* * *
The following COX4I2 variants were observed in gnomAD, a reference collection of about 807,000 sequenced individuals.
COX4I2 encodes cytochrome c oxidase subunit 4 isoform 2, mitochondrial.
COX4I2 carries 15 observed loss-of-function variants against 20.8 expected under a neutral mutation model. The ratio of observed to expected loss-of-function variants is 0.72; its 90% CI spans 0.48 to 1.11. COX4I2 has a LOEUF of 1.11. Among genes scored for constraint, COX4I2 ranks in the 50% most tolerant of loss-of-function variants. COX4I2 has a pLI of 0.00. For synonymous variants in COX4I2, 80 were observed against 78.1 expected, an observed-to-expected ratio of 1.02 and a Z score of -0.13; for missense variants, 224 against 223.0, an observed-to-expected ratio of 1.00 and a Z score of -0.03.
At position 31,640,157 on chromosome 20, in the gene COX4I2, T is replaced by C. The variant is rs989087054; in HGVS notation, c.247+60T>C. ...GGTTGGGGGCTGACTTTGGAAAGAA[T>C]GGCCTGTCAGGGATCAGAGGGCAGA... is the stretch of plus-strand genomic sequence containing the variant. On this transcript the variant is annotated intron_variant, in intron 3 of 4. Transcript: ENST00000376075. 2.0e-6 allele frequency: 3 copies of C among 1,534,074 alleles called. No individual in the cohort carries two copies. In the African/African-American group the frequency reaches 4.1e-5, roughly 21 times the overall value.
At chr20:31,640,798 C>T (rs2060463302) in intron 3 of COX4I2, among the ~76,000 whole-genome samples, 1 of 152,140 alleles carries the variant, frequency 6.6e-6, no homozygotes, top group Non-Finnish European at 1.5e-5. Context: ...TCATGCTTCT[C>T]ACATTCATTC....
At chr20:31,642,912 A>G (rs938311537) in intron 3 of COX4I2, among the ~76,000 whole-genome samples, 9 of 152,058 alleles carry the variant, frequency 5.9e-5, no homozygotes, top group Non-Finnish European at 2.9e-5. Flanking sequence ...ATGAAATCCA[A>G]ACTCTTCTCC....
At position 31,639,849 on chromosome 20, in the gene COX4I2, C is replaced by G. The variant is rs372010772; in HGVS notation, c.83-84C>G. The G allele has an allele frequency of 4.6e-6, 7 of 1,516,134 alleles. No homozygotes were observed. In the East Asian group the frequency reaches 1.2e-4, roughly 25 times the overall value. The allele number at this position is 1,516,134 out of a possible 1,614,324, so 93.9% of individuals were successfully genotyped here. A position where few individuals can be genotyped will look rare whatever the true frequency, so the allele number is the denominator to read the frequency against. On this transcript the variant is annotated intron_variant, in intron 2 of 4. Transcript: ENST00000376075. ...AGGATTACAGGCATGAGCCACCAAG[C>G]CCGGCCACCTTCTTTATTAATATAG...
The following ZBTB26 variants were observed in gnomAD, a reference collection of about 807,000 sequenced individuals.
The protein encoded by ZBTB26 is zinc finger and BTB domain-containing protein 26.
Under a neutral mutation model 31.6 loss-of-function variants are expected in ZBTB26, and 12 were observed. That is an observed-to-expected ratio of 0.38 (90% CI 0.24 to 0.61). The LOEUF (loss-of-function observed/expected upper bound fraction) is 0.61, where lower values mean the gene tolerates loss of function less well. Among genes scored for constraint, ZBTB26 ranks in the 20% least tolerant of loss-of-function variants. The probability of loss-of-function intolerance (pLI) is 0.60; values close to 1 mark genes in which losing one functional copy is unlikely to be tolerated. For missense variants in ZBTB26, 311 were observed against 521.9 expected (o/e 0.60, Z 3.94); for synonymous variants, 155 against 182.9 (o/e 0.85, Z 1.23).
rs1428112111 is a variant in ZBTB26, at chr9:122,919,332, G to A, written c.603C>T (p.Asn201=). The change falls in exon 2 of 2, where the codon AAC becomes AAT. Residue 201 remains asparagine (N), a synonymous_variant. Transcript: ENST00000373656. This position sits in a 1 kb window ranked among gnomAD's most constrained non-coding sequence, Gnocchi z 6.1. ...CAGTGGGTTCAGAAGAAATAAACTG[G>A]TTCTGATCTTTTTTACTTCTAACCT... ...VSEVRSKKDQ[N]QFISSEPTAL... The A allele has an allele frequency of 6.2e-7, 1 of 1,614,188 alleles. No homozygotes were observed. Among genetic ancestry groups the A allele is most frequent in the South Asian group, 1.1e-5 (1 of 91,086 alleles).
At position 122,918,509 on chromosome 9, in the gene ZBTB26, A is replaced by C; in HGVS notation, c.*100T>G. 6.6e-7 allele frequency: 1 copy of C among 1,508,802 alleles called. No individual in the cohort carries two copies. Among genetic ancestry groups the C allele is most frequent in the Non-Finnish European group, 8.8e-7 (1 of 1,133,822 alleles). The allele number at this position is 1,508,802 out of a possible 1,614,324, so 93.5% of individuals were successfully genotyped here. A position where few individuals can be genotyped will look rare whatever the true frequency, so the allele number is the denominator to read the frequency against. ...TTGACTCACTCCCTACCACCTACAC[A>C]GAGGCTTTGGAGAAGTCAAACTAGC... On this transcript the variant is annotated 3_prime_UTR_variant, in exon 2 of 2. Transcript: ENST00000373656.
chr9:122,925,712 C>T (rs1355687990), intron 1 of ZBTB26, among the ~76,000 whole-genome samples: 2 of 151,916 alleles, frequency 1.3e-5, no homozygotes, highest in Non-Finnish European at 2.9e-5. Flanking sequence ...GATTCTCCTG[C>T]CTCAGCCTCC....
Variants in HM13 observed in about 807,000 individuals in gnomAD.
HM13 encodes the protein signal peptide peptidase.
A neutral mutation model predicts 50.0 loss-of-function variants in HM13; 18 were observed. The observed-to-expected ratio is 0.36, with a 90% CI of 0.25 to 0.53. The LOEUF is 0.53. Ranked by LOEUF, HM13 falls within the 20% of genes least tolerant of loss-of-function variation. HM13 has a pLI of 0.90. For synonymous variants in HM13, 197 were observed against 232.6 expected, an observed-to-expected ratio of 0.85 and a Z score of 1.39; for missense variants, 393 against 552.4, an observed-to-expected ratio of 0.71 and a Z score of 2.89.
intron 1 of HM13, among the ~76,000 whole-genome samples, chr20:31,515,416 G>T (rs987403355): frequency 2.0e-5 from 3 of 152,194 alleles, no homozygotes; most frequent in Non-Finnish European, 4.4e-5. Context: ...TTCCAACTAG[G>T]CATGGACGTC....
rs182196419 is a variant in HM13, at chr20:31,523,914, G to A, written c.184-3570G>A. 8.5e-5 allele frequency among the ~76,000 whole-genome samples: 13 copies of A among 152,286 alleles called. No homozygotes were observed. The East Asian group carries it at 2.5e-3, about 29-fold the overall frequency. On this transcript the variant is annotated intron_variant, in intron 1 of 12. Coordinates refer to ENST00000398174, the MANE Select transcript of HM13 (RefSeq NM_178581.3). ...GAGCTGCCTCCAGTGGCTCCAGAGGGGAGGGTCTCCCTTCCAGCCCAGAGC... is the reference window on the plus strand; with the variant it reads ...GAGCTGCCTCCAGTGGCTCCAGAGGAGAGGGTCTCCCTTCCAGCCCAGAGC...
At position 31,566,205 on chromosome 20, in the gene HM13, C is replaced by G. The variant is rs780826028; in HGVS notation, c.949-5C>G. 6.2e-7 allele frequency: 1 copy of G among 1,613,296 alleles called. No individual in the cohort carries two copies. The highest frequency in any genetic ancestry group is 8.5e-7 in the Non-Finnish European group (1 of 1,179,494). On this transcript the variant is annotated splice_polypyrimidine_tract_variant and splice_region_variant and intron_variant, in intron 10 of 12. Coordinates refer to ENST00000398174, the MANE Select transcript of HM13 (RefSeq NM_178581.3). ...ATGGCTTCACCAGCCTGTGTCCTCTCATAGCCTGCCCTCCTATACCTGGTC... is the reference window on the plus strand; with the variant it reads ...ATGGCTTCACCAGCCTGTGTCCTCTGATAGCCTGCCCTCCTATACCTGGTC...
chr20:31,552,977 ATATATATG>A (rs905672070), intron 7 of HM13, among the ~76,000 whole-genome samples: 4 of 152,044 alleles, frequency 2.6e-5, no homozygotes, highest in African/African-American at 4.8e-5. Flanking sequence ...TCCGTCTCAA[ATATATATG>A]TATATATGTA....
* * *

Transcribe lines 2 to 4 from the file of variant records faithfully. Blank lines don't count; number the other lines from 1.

COX4I2 encodes cytochrome c oxidase subunit 4 isoform 2, mitochondrial.
COX4I2 carries 15 observed loss-of-function variants against 20.8 expected under a neutral mutation model. The ratio of observed to expected loss-of-function variants is 0.72; its 90% CI spans 0.48 to 1.11. COX4I2 has a LOEUF of 1.11. Among genes scored for constraint, COX4I2 ranks in the 50% most tolerant of loss-of-function variants. COX4I2 has a pLI of 0.00. For synonymous variants in COX4I2, 80 were observed against 78.1 expected, an observed-to-expected ratio of 1.02 and a Z score of -0.13; for missense variants, 224 against 223.0, an observed-to-expected ratio of 1.00 and a Z score of -0.03.
At position 31,640,157 on chromosome 20, in the gene COX4I2, T is replaced by C. The variant is rs989087054; in HGVS notation, c.247+60T>C. ...GGTTGGGGGCTGACTTTGGAAAGAA[T>C]GGCCTGTCAGGGATCAGAGGGCAGA... is the stretch of plus-strand genomic sequence containing the variant. On this transcript the variant is annotated intron_variant, in intron 3 of 4. Transcript: ENST00000376075. 2.0e-6 allele frequency: 3 copies of C among 1,534,074 alleles called. No individual in the cohort carries two copies. In the African/African-American group the frequency reaches 4.1e-5, roughly 21 times the overall value.